|Also called||Tip's Eve, Tipsy Eve|
|Significance||Beginning of the Christmas season|
|Observances||Drinking and merriment|
|Next time||23 December 2018|
|Related to||Christmas Eve, Christmas, Advent|
Tibb's Eve, also known as Tip's Eve in other provinces. Tibb's Eve or Tipsy Eve is a celebration held on December 23 originating on the south coast of Newfoundland. Tibb’s Eve is also widely recognized in other parts of the province of Newfoundland and Labrador.
The wild festivity started sometime around the mid-20th century as the first night during Advent when it was appropriate to have a drink. Advent was a sober, religious time of year and traditionally people would not drink alcohol until Christmas Day at the earliest. Tibb's Eve emerged as an excuse to imbibe two days earlier. The tradition of celebrating Tibb's Eve may be similar to 19th century workers taking Saint Monday off from work.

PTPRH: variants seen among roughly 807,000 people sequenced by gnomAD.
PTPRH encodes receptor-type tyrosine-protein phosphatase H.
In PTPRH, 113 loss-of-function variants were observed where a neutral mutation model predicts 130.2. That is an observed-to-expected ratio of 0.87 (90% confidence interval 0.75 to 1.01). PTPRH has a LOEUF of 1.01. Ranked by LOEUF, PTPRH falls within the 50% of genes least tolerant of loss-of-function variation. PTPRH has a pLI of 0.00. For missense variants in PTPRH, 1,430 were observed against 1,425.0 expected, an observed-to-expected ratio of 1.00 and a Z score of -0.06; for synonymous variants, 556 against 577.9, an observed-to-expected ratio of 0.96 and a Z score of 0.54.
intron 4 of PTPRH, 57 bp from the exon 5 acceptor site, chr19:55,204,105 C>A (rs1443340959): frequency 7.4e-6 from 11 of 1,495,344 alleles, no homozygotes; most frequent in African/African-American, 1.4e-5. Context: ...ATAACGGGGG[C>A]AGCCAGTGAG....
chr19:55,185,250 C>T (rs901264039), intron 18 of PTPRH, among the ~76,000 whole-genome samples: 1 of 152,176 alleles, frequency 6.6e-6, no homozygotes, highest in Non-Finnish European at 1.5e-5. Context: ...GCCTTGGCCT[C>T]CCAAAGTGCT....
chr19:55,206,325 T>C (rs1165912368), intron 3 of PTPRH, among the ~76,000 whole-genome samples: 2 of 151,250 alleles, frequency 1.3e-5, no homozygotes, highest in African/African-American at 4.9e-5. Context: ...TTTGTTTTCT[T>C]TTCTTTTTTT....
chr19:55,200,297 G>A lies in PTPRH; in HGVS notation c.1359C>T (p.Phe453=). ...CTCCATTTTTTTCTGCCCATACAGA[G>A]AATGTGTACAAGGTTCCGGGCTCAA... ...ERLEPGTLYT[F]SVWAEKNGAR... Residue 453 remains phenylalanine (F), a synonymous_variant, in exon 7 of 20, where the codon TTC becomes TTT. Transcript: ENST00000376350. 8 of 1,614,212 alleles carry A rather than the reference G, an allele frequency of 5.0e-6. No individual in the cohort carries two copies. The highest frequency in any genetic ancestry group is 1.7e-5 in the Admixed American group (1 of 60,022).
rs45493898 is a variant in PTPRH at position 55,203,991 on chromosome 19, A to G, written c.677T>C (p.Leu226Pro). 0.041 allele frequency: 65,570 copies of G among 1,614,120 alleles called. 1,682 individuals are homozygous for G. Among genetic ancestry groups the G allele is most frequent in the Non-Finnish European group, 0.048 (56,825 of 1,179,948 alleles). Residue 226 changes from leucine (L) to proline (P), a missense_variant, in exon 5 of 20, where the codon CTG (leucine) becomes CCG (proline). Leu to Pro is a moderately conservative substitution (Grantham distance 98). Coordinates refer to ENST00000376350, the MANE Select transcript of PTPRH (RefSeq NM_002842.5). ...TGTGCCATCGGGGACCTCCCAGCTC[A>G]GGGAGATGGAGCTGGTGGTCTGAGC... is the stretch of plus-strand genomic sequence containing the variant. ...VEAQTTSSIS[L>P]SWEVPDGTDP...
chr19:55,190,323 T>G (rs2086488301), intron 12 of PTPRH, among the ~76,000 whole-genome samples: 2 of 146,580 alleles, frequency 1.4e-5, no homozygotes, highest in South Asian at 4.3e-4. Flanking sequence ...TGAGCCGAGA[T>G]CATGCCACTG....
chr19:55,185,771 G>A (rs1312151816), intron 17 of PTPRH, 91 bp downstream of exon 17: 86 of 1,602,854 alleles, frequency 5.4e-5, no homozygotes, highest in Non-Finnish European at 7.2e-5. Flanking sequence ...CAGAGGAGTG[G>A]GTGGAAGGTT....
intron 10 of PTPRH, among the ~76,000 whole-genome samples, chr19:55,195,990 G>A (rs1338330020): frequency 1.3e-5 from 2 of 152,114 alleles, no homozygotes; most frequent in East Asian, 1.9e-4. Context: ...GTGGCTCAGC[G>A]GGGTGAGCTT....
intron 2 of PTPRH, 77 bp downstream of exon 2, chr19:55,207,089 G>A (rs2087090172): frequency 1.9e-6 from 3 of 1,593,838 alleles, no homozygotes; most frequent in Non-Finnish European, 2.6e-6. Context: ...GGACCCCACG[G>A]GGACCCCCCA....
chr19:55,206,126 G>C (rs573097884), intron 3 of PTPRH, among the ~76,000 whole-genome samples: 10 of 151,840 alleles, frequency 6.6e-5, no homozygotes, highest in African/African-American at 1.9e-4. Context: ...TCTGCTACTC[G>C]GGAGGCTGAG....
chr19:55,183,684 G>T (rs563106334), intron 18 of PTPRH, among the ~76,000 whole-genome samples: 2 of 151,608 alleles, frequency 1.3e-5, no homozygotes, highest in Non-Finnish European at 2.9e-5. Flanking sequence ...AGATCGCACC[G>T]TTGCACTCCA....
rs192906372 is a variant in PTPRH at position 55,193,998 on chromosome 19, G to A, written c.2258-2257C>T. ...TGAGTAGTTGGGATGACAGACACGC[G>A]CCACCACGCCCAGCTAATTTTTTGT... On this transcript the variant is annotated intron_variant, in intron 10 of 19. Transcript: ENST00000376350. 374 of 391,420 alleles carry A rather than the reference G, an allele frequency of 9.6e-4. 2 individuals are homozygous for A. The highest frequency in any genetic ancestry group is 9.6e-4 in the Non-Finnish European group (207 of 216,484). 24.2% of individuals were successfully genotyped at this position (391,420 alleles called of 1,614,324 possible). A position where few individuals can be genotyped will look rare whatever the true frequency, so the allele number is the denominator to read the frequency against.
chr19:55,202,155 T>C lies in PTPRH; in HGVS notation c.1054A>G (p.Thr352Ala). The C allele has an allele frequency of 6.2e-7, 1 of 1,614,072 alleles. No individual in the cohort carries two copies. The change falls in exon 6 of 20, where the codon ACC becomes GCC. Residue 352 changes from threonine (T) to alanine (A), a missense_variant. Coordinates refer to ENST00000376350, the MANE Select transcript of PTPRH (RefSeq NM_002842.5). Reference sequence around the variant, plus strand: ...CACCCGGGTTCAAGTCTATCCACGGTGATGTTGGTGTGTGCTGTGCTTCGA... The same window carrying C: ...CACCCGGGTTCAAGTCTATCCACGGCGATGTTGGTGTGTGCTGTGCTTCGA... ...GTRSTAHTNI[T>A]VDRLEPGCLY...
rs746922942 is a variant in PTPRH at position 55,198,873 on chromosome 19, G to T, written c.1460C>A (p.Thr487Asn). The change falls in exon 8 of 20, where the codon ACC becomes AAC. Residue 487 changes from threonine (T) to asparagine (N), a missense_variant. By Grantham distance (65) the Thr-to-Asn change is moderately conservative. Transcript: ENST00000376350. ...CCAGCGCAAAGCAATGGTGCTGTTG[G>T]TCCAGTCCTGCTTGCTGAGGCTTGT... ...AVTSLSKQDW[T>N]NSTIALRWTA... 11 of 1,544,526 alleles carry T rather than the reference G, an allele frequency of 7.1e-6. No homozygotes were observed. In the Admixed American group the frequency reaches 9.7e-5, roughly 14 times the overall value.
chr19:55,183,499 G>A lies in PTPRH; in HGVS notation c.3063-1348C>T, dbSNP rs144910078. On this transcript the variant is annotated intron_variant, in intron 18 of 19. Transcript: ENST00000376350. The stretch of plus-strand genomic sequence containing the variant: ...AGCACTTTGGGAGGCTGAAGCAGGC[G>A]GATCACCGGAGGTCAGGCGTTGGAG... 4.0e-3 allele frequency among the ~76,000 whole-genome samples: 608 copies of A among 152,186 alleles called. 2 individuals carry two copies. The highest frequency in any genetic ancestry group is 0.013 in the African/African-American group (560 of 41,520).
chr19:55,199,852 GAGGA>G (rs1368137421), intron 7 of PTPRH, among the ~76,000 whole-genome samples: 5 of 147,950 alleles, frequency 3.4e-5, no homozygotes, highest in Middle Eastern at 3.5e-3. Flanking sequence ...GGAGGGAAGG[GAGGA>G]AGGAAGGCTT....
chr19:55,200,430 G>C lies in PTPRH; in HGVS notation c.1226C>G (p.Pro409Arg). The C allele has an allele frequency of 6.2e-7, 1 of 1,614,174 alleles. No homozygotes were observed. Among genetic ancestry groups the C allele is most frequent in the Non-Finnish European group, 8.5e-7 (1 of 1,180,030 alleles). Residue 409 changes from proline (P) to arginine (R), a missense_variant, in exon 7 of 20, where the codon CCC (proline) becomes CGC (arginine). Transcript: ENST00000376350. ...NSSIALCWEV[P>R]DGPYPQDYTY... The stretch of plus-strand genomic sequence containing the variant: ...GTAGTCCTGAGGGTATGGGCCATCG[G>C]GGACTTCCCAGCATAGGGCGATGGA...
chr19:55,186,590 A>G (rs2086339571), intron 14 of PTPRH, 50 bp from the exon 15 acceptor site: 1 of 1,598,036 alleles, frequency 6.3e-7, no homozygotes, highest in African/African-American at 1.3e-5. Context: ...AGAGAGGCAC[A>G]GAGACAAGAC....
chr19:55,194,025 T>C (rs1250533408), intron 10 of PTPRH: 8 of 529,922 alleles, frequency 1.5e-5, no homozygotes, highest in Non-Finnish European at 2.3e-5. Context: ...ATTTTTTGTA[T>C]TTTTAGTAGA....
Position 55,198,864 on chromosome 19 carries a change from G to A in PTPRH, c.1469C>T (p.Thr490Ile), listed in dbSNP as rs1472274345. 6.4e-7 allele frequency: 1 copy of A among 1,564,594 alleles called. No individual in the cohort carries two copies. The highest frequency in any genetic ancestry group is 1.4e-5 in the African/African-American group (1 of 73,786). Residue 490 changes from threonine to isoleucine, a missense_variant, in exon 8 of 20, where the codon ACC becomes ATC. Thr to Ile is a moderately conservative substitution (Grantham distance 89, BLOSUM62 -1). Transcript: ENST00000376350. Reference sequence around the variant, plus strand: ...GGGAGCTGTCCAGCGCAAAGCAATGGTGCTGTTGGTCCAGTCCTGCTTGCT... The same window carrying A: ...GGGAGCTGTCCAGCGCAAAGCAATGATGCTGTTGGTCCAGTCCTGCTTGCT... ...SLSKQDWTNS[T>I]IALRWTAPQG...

The word tib[b] is archaic slang for a sexually promiscuous woman. In 17th century English plays Tibb was a common character of a loose-moraled woman used for comic relief. Referring to Saint Tibb was a joke that would go over the head of children who believed her to be a real saint. Similarly, Tibb's Eve was a "non-time" like "the twelfth of never", February 30th or "when two Mondays fall together."